The following gives some feeling of what travel between the World Wars was like for the well-heeled traveler taking a ship to foreign shores.
“Tags and labels for baggage may be procured from the steamship company at the time the ticket is issued. These bear a large initial, according to the passenger’s last name, and space in which to write you full name and the number of your stateroom, name of the steamship and sailing date. Some are marked “For the hold,” and others, “Wanted.” Paste one of the former on each end of every piece of luggage not wanted in the stateroom, and tie a tag marked “Wanted” on each piece of baggage that may be needed during the voyage. Baggage for the hold of the ship should be sent so as to reach the dock at least a day before sailing. It will be found there when you arrive, and when claimed, the baggage master of the line will see that it is placed on board. Stateroom baggage-–steamer trunk, suit case, roll of rugs, etc.–-should accompany the passenger to the dock the day of sailing, and stewards will immediately take charge of it and place it in the stateroom as marked on the tags.”
-Edward Hungerford, from Planning Your Trip Abroad (1922)
In this golden age of travel, luggage was more sophisticated, varied and prodigal. Elegant leather and brassbound trunks, with many drawers and compartments, were the foundation of a traveler’s baggage repertoire. People carried with them many changes of clothing, and a full range of costume from sportswear to formal attire, as well as matching footwear and accessories. Often a dozen trunks were taken on a journey, in addition to smaller bags such as vanity cases with personal powder, soap, perfume and grooming implements. In this era labor was inexpensive and trains and ships expected and were able to provide almost limited space for luggage, so well-to-do travels felt no constraints on the number, bulk or weight of baggage.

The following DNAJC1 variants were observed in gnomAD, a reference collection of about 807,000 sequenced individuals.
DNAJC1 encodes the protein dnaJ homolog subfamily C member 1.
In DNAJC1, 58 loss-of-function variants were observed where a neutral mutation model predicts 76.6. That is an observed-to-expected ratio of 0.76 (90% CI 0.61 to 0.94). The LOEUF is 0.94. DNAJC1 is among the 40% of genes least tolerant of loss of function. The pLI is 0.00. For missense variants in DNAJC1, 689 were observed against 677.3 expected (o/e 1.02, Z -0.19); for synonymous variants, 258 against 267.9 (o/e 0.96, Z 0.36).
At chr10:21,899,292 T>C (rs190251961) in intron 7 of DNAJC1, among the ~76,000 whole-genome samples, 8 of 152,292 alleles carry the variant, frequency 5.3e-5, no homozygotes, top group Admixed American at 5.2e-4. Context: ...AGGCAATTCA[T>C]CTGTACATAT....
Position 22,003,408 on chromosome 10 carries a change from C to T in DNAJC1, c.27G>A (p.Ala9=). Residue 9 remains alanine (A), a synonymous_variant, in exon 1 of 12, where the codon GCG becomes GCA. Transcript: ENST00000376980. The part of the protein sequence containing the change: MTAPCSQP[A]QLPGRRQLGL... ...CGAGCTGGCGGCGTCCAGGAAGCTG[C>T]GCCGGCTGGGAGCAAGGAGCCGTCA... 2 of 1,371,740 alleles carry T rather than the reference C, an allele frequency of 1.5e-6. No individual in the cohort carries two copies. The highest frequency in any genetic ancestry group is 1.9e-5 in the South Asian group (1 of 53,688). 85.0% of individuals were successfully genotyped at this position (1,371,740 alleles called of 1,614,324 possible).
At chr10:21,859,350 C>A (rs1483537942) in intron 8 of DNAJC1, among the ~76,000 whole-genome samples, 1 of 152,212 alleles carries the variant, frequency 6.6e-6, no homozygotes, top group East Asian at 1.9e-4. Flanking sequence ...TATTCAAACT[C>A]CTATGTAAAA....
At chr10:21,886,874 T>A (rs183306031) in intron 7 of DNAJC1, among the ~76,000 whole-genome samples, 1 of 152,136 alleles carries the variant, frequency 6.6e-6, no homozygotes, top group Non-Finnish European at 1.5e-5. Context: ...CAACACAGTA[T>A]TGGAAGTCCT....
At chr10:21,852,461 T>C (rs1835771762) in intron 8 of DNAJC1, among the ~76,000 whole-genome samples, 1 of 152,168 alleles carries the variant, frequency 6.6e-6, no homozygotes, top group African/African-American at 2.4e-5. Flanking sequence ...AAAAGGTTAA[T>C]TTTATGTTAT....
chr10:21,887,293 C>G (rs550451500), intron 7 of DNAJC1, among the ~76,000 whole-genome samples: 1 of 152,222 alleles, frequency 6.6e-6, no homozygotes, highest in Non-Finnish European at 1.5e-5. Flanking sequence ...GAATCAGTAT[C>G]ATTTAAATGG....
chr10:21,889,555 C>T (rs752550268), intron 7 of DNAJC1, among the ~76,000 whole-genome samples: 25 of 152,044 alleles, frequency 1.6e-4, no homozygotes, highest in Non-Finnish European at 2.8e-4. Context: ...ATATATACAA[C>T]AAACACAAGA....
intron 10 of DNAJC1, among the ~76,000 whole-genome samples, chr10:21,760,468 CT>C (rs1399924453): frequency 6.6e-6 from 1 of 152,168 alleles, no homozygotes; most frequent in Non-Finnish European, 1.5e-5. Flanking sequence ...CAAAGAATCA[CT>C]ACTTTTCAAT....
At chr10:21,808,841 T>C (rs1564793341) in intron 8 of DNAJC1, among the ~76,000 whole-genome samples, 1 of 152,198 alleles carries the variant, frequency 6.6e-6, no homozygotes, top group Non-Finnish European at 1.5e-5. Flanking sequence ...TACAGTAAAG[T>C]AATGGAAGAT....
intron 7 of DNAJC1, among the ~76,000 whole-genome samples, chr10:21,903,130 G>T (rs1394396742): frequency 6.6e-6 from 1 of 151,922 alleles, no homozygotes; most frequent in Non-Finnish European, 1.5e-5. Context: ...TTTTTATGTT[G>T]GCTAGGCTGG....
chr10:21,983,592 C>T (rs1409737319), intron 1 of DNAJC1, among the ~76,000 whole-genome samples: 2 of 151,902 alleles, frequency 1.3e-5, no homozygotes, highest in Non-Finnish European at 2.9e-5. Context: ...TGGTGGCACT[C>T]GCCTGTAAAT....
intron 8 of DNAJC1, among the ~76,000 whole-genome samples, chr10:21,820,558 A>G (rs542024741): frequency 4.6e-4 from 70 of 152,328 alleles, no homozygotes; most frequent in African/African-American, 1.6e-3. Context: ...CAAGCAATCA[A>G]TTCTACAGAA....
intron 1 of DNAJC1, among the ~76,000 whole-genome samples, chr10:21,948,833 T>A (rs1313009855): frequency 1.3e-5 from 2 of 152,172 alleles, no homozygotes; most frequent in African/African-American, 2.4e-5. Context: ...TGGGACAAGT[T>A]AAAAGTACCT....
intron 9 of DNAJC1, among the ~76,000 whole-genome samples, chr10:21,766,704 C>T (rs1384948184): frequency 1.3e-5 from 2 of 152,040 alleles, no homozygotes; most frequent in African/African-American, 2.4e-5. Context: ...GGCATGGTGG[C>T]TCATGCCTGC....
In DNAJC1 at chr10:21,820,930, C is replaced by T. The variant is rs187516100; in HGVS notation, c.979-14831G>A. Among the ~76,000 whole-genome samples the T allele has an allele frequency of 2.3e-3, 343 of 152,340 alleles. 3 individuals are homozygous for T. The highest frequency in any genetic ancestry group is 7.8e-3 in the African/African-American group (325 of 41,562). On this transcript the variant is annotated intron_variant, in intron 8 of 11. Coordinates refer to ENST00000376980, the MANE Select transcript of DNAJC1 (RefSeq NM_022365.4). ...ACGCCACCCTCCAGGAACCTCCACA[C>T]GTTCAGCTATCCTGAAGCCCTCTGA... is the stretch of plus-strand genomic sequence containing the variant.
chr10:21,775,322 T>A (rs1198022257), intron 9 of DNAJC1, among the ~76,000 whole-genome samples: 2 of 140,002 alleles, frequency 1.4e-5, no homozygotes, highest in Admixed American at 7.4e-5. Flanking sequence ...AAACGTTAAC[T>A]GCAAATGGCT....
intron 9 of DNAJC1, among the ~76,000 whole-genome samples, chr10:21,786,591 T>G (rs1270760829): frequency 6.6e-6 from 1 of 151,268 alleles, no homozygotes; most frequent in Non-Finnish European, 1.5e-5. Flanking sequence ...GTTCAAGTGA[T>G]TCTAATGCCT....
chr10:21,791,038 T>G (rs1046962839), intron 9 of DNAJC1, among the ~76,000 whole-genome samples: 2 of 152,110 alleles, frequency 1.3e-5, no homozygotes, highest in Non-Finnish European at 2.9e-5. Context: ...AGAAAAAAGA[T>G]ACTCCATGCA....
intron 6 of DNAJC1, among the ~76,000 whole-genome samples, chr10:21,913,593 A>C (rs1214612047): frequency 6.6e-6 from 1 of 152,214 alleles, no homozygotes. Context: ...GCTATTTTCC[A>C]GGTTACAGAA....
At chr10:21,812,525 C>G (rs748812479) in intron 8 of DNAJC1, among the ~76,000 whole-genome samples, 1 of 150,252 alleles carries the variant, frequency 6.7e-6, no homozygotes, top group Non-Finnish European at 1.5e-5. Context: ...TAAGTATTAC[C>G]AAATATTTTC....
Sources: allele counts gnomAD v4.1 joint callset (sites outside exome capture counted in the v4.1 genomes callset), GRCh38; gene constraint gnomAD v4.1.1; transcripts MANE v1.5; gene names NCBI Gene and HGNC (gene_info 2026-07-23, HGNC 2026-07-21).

Keeping track of all the baggage was a challenge met by tags and labels. As one’s itinerary progressed, more labels were added to the luggage; a record on one’s taste (and solvency) in selecting accommodations.
A luggage label is a considerable design challenge. It offers only a small area for words that must be clearly read from a distance. Early labels dealt with this through simplicity––a single color and large letters¬¬––but as time went on it became apparent to hotels and transport companies that something further was available, namely, self-promotion. This called for an evocation of the hotel or ship line’s character, which could be accomplished through the correct choice of colors, the right picture, a proper style of lettering and the overall impact of the design. The more luxurious the hotel and the more its appeal depended on conveying a special ambience, the greater the importance of the label and its design.